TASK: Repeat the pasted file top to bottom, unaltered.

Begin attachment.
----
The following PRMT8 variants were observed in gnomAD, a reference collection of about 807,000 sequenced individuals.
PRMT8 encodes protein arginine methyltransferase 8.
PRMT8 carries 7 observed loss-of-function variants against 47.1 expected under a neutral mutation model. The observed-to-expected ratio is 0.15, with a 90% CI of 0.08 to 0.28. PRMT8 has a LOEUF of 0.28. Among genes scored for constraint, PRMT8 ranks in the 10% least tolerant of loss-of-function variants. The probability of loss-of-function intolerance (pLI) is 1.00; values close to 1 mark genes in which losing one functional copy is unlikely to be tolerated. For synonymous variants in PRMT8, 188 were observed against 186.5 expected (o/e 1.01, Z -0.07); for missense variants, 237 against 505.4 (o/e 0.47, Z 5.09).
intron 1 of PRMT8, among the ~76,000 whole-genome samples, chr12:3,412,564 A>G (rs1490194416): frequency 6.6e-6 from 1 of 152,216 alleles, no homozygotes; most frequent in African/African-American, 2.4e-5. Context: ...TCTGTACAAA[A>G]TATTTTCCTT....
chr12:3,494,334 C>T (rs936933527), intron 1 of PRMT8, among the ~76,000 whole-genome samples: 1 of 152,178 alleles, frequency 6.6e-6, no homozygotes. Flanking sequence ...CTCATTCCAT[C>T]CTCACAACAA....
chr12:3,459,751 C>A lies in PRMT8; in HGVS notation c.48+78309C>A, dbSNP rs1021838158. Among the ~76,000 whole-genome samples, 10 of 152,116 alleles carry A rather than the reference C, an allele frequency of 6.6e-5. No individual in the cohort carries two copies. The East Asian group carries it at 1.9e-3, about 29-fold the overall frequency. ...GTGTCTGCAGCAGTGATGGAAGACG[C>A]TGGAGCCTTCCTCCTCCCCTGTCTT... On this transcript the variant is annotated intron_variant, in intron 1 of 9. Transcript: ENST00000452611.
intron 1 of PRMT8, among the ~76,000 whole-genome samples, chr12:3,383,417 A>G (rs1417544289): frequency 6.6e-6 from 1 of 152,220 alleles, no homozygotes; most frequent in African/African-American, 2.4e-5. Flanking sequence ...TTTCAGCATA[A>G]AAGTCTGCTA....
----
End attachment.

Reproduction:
The following PRMT8 variants were observed in gnomAD, a reference collection of about 807,000 sequenced individuals.
PRMT8 encodes protein arginine methyltransferase 8.
PRMT8 carries 7 observed loss-of-function variants against 47.1 expected under a neutral mutation model. The observed-to-expected ratio is 0.15, with a 90% CI of 0.08 to 0.28. PRMT8 has a LOEUF of 0.28. Among genes scored for constraint, PRMT8 ranks in the 10% least tolerant of loss-of-function variants. The probability of loss-of-function intolerance (pLI) is 1.00; values close to 1 mark genes in which losing one functional copy is unlikely to be tolerated. For synonymous variants in PRMT8, 188 were observed against 186.5 expected (o/e 1.01, Z -0.07); for missense variants, 237 against 505.4 (o/e 0.47, Z 5.09).
intron 1 of PRMT8, among the ~76,000 whole-genome samples, chr12:3,412,564 A>G (rs1490194416): frequency 6.6e-6 from 1 of 152,216 alleles, no homozygotes; most frequent in African/African-American, 2.4e-5. Context: ...TCTGTACAAA[A>G]TATTTTCCTT....
chr12:3,494,334 C>T (rs936933527), intron 1 of PRMT8, among the ~76,000 whole-genome samples: 1 of 152,178 alleles, frequency 6.6e-6, no homozygotes. Flanking sequence ...CTCATTCCAT[C>T]CTCACAACAA....
chr12:3,459,751 C>A lies in PRMT8; in HGVS notation c.48+78309C>A, dbSNP rs1021838158. Among the ~76,000 whole-genome samples, 10 of 152,116 alleles carry A rather than the reference C, an allele frequency of 6.6e-5. No individual in the cohort carries two copies. The East Asian group carries it at 1.9e-3, about 29-fold the overall frequency. ...GTGTCTGCAGCAGTGATGGAAGACG[C>A]TGGAGCCTTCCTCCTCCCCTGTCTT... On this transcript the variant is annotated intron_variant, in intron 1 of 9. Transcript: ENST00000452611.
intron 1 of PRMT8, among the ~76,000 whole-genome samples, chr12:3,383,417 A>G (rs1417544289): frequency 6.6e-6 from 1 of 152,220 alleles, no homozygotes; most frequent in African/African-American, 2.4e-5. Flanking sequence ...TTTCAGCATA[A>G]AAGTCTGCTA....